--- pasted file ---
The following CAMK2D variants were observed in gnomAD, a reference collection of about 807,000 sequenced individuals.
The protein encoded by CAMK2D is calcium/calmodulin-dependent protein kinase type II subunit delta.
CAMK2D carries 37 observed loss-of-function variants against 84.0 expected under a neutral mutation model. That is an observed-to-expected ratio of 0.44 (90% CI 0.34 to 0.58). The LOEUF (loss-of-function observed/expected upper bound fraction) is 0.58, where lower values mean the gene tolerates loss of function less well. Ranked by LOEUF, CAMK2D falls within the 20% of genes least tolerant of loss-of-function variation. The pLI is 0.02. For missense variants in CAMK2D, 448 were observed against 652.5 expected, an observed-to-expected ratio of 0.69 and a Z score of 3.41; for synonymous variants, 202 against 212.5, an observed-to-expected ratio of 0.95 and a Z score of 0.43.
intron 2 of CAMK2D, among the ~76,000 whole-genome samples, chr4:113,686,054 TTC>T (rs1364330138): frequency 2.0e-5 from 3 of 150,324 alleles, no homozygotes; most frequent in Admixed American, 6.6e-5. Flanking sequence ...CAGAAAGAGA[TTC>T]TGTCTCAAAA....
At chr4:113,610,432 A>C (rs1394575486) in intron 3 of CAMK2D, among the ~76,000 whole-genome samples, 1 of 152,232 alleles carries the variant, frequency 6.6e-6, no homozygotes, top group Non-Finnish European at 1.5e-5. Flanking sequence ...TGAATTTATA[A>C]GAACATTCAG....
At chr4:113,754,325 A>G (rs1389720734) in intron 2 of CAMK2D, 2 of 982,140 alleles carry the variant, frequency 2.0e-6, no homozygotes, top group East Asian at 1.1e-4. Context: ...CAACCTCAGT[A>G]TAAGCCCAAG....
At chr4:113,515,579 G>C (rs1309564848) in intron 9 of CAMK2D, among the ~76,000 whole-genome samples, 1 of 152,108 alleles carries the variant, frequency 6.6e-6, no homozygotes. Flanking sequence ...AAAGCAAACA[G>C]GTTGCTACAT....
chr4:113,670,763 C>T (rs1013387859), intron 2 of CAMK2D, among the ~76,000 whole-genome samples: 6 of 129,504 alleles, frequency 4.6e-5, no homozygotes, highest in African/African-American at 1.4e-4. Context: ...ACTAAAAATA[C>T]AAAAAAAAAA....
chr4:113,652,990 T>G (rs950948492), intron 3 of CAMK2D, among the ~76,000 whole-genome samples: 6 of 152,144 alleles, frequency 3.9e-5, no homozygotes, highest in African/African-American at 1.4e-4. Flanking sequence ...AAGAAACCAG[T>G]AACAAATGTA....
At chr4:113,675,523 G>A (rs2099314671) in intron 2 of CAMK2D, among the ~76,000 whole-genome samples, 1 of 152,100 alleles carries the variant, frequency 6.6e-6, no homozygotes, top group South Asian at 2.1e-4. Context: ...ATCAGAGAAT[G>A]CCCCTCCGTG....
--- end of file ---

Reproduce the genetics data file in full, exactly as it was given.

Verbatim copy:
The following CAMK2D variants were observed in gnomAD, a reference collection of about 807,000 sequenced individuals.
The protein encoded by CAMK2D is calcium/calmodulin-dependent protein kinase type II subunit delta.
CAMK2D carries 37 observed loss-of-function variants against 84.0 expected under a neutral mutation model. That is an observed-to-expected ratio of 0.44 (90% CI 0.34 to 0.58). The LOEUF (loss-of-function observed/expected upper bound fraction) is 0.58, where lower values mean the gene tolerates loss of function less well. Ranked by LOEUF, CAMK2D falls within the 20% of genes least tolerant of loss-of-function variation. The pLI is 0.02. For missense variants in CAMK2D, 448 were observed against 652.5 expected, an observed-to-expected ratio of 0.69 and a Z score of 3.41; for synonymous variants, 202 against 212.5, an observed-to-expected ratio of 0.95 and a Z score of 0.43.
intron 2 of CAMK2D, among the ~76,000 whole-genome samples, chr4:113,686,054 TTC>T (rs1364330138): frequency 2.0e-5 from 3 of 150,324 alleles, no homozygotes; most frequent in Admixed American, 6.6e-5. Flanking sequence ...CAGAAAGAGA[TTC>T]TGTCTCAAAA....
At chr4:113,610,432 A>C (rs1394575486) in intron 3 of CAMK2D, among the ~76,000 whole-genome samples, 1 of 152,232 alleles carries the variant, frequency 6.6e-6, no homozygotes, top group Non-Finnish European at 1.5e-5. Flanking sequence ...TGAATTTATA[A>C]GAACATTCAG....
At chr4:113,754,325 A>G (rs1389720734) in intron 2 of CAMK2D, 2 of 982,140 alleles carry the variant, frequency 2.0e-6, no homozygotes, top group East Asian at 1.1e-4. Context: ...CAACCTCAGT[A>G]TAAGCCCAAG....
At chr4:113,515,579 G>C (rs1309564848) in intron 9 of CAMK2D, among the ~76,000 whole-genome samples, 1 of 152,108 alleles carries the variant, frequency 6.6e-6, no homozygotes. Flanking sequence ...AAAGCAAACA[G>C]GTTGCTACAT....
chr4:113,670,763 C>T (rs1013387859), intron 2 of CAMK2D, among the ~76,000 whole-genome samples: 6 of 129,504 alleles, frequency 4.6e-5, no homozygotes, highest in African/African-American at 1.4e-4. Context: ...ACTAAAAATA[C>T]AAAAAAAAAA....
chr4:113,652,990 T>G (rs950948492), intron 3 of CAMK2D, among the ~76,000 whole-genome samples: 6 of 152,144 alleles, frequency 3.9e-5, no homozygotes, highest in African/African-American at 1.4e-4. Flanking sequence ...AAGAAACCAG[T>G]AACAAATGTA....
At chr4:113,675,523 G>A (rs2099314671) in intron 2 of CAMK2D, among the ~76,000 whole-genome samples, 1 of 152,100 alleles carries the variant, frequency 6.6e-6, no homozygotes, top group South Asian at 2.1e-4. Context: ...ATCAGAGAAT[G>A]CCCCTCCGTG....